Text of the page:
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To investigate the varying energy outputs when different alcohols are combusted

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Chemistry Coursework Planning Aim I aim through this experiment to investigate the varying energy outputs when different alcohols are combusted. Prediction This was made with a computer program- as quantities of bonds and alcohols' relative molecular masses were put in, and the theoretical heat to be given out was calculated. This gave us the amount of heat that would be produced by the different alcohols if no heat were lost during the experiment. I predict that the larger the number of carbon atoms in the alcohol, the more heat will be produced, but the less efficient it will get, as more carbon is incompletely combusted through lack of oxygen. Diagrams Methanol Ethanol Butanol Preliminary results This experiment was done in order to find out which parts would need to be altered in the plan. I changed the amount of water to 100ml, from 80ml as it had heated to 80 degrees to quickly. I also found that the wick length made a huge difference to the results and so in the next experiment I tried to make this constant. I also found that a lot of heat was lost to the surrounding air through the sides- not all heat went straight up to the water can. ...read more.


My results will probably show that the alcohol has taken longer to heat the water (with more alcohol therefore required), as heat loss to the air etc will be incurred. Because of this, I will try to stop any heat loss through the equipment to the air. I will also have to stop any variables other than the temperature of the water from changing between the alcohols eg: the wick length. The variables which I will try to control during the experiment are as follows: wick length, mass of the water, evaporation of alcohol after heating is completed- before the alcohol is weighed, temperature of the water before and after the experiment, distance between flame and can, and the can- each is different in weight etc. The incomplete burning of the carbon is a factor that I cannot control. The variables that will change are: the length of time that the alcohols burn for and type of alcohol. I will use the alcohols: Methanol, ethanol and Butanol. The predicted heat given out by each of the alcohols is shown on a later page. Equipment Method Measure out- using a measuring cylinder for accuracy, 100ml of water and put this in the metal can. Attempt to keep the wick lengths approximately the same (1/2 an inch). ...read more.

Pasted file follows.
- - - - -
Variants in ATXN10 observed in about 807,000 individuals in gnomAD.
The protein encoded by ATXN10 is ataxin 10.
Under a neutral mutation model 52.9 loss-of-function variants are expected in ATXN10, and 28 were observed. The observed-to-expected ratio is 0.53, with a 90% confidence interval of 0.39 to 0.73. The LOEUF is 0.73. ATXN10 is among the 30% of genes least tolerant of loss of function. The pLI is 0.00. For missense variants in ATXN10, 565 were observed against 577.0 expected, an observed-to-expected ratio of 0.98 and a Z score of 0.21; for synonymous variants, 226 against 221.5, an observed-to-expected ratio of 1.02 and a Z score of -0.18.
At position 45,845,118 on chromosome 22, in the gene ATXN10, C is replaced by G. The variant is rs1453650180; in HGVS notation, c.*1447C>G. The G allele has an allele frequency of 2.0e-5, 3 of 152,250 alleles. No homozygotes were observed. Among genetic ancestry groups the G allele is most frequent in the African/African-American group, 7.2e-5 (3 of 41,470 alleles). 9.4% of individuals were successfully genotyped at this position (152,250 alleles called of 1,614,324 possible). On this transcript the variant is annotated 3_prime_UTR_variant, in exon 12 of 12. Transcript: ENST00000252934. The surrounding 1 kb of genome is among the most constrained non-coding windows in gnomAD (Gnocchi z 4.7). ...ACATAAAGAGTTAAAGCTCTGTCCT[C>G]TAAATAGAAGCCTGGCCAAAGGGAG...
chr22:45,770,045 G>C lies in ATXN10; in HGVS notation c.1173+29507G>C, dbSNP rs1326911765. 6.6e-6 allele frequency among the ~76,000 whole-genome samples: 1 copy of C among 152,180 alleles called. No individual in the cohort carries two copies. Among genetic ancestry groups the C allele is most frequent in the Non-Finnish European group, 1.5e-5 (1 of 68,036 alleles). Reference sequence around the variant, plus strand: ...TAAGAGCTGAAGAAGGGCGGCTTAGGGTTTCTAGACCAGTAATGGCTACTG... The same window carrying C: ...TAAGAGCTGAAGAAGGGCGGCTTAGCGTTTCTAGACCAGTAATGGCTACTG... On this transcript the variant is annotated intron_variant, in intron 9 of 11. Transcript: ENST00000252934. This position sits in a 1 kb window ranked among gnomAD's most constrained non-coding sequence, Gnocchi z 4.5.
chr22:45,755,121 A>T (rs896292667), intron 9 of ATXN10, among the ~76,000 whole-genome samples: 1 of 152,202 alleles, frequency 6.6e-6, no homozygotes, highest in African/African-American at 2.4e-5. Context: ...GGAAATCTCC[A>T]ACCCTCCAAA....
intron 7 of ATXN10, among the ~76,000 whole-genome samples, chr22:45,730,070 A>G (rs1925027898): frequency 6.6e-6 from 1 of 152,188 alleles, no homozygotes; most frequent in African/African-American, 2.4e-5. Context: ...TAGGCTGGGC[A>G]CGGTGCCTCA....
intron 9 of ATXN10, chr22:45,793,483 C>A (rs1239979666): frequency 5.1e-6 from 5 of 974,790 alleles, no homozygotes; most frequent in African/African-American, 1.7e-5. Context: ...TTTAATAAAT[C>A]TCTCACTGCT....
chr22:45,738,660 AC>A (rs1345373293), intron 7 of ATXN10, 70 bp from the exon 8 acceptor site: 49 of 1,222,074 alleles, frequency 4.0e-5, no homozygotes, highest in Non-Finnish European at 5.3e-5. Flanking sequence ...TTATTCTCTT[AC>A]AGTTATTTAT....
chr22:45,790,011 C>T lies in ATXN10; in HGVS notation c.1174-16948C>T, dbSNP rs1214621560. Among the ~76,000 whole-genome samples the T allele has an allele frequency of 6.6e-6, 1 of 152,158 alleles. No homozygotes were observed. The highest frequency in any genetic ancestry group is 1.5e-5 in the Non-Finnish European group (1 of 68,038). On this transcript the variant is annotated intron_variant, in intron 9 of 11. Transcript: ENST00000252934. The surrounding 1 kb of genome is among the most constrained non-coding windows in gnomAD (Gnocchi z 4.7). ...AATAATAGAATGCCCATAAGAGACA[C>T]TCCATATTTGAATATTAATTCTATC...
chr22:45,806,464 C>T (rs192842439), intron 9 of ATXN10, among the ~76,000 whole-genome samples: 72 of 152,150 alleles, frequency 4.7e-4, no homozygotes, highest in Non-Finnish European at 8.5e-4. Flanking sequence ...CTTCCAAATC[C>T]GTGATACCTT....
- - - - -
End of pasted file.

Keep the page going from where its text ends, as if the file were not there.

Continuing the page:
The flame size was also varied by size of the wick and by the type of alcohol. This made it difficult to decide whether to move the beaker up or down as the flame size could have been because of the alcohol- in which case the test would be fair, OR by the wick, in which case a different flame size would make the results unreliable. Evaporation of the water as the temperature rose to 80 degrees would also mean that as the water increased temperature, the speed that it increased temperature would also increase as there would be less water to heat. Human error would also have made a difference to the results. Even if the alcohol was stopped from burning at the right time, and no alcohol was lost due to evaporation, measurements can be different if read from a scale seen from above of below eg on the measuring cylinder. If more alcohols were used, such as Propanol, this would also give more evidence to the conclusions that we are lead to by the 3 alcohols. Another alteration that I would make is to have an oxygen supply to the alcohol flame. This would make the combustion of the alcohol much more complete and so the black smoke would not be produced. I would also increase the measures to prevent hat loss by surrounding the flame more completely and using insulators to hold the can etc instead of conductors of metal. ...read more.

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